WASHINGTON – Public water utilities in Kentucky have detected toxic perfluorinated chemicals, or PFAS, in the drinking water sources for roughly 800,000 residents, according to an analysis by Environmental Working Group of recent utility tests from all 50 states.
Tests conducted between 2012 and 2017 by the utilities in Louisville, Lebanon Junction and Mt. Washington detected the PFAS compound PFOA at 5 parts per trillion, or ppt, five times higher than the 1 ppt that EWG scientists and other independent experts believe is safe for human health. There is no legal limit for PFAS chemicals under the federal Safe Drinking Water Act.
The information was first published last week when EWG released its updated national Tap Water Database.
PFOA and other PFAS chemicals are some of the most persistent environmental contaminants in the world. PFOA does not break down and as a result is now in the blood of nearly every American, including newborns.
PFOA is one of the most notorious members of the PFAS chemical family, once mass produced at a DuPont chemical facility in Parkersburg, W.Va. The chemical was widely used for decades in Teflon cookware and other products. It is believed to cause testicular, kidney and liver cancer in people, along with a host of other serious health problems.
A potential source of the PFAS contamination at these Kentucky utilities is the Chemours Washington Works plant in Parkersburg, which like Louisville and other communities in the Bluegrass State, is situated along the Ohio River. The plant was operated for decades by DuPont before that company spun off its PFAS business to Chemours, in 2015.
As reported by WFPL-FM last week, recent laboratory tests commissioned by EWG of a single sample of Louisville tap water taken in July detected 10 different PFAS chemicals, including PFOA. Combined, the total amount of PFAS was 45.2 ppt and 7.7 for PFOA.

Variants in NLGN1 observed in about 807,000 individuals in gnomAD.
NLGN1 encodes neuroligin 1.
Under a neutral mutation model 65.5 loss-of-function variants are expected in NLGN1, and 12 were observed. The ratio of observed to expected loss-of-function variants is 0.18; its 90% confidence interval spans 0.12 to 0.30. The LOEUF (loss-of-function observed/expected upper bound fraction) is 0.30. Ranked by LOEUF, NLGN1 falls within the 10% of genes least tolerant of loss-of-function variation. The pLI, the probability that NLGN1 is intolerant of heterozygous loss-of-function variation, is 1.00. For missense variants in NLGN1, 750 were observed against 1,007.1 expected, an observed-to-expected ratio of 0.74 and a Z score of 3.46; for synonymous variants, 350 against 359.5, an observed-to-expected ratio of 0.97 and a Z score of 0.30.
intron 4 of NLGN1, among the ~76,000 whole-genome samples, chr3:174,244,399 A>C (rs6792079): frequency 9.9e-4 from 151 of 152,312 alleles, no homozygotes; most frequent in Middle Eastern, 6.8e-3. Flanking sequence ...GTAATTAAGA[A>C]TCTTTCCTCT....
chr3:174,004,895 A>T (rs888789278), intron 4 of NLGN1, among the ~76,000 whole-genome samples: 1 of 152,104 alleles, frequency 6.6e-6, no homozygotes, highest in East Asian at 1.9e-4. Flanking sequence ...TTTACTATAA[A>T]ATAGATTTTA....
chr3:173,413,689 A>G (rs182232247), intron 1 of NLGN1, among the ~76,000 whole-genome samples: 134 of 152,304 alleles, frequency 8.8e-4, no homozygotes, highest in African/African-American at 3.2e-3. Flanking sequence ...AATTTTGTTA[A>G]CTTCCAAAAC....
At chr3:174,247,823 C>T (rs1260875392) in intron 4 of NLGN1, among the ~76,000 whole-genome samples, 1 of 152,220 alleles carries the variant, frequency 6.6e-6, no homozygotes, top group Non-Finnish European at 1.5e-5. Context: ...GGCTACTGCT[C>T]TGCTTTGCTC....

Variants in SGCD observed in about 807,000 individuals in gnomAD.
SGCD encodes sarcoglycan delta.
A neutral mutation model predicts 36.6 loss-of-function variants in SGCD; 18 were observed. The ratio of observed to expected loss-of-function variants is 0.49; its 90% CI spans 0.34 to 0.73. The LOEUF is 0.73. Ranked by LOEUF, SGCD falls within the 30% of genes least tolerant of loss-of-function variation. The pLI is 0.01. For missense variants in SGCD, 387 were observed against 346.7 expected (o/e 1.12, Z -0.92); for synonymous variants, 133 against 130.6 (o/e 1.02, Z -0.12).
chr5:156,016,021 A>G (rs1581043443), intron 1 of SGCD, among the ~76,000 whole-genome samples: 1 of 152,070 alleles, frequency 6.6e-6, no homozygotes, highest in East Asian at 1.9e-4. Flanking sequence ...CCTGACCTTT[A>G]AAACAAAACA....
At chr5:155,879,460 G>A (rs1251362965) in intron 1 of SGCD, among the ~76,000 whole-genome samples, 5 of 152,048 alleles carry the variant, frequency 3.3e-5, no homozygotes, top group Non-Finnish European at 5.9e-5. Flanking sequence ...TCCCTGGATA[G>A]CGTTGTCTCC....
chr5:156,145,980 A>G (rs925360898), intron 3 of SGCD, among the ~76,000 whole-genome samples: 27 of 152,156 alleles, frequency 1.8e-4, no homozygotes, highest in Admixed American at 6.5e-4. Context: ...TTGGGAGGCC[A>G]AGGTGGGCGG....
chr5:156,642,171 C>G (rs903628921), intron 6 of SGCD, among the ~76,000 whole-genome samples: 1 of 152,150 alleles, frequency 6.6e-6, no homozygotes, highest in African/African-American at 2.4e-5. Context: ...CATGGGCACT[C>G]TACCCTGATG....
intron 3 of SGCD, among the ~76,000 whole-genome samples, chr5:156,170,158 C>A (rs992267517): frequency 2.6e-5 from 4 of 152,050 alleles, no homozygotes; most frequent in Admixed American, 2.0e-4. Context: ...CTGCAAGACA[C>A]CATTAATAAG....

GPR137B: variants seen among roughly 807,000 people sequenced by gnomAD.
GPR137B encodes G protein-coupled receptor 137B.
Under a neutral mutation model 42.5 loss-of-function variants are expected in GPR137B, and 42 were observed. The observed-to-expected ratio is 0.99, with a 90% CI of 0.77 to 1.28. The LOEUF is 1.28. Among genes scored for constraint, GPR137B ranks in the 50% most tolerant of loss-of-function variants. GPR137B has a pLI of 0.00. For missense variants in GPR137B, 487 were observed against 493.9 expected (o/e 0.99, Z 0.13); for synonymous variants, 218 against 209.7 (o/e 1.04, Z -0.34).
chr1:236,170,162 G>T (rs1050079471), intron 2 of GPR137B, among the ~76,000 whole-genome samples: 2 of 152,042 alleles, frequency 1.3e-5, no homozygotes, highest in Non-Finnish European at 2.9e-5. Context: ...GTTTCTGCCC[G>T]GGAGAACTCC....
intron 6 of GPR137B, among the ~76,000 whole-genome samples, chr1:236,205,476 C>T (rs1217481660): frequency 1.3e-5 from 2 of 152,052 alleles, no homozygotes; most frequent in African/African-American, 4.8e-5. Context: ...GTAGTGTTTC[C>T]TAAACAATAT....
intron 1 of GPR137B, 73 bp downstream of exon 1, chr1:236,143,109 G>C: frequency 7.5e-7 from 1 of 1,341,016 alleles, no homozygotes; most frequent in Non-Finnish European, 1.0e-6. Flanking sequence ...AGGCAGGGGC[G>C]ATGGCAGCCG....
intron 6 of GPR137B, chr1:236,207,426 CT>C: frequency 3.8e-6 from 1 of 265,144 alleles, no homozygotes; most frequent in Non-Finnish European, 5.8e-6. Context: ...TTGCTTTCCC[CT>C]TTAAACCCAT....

This news about contamination in Kentucky’s drinking water comes as Senate Majority Leader Mitch McConnell, R-Ky., is negotiating with other congressional leaders on the final form of the National Defense Authorization Act for FY 2020. The NDAA is a must-pass defense bill that includes a number of important PFAS-related provisions passed by the House and Senate.
Two provisions that are still under negotiation would designate PFAS as “hazardous substances” under the federal Superfund law and as toxic pollutants under the Clean Water Act. The inclusion of these provisions in the NDAA would kick-start the cleanup process of legacy PFAS contamination sites and limit industrial discharges of PFAS waste into drinking water supplies.
“As majority leader, Sen. McConnell has enormous influence over this critical legislation that, for the first time, would begin cleaning up the PFAS contamination crisis fouling drinking water sources in Kentucky and across the country,” said EWG Senior Vice President for Government Affairs Scott Faber. “To make serious and lasting progress in identifying and removing the sources of PFAS pollution, these provisions to the defense spending bill must be included in the final package Congress sends to President Trump.”
Beyond PFAS, EWG’s online tap water database shows there are other hazardous contaminants detected in the drinking water sources of Louisville, Lebanon Junction, Mt. Washington and many other communities across the state. Contaminants reported by local utilities include nitrate, hexavalent chromium, radium and total trihalomethanes, or TTHMs.
The Environmental Working Group is a nonprofit, non-partisan organization that empowers people to live healthier lives in a healthier environment. Through research, advocacy and unique education tools, EWG drives consumer choice and civic action.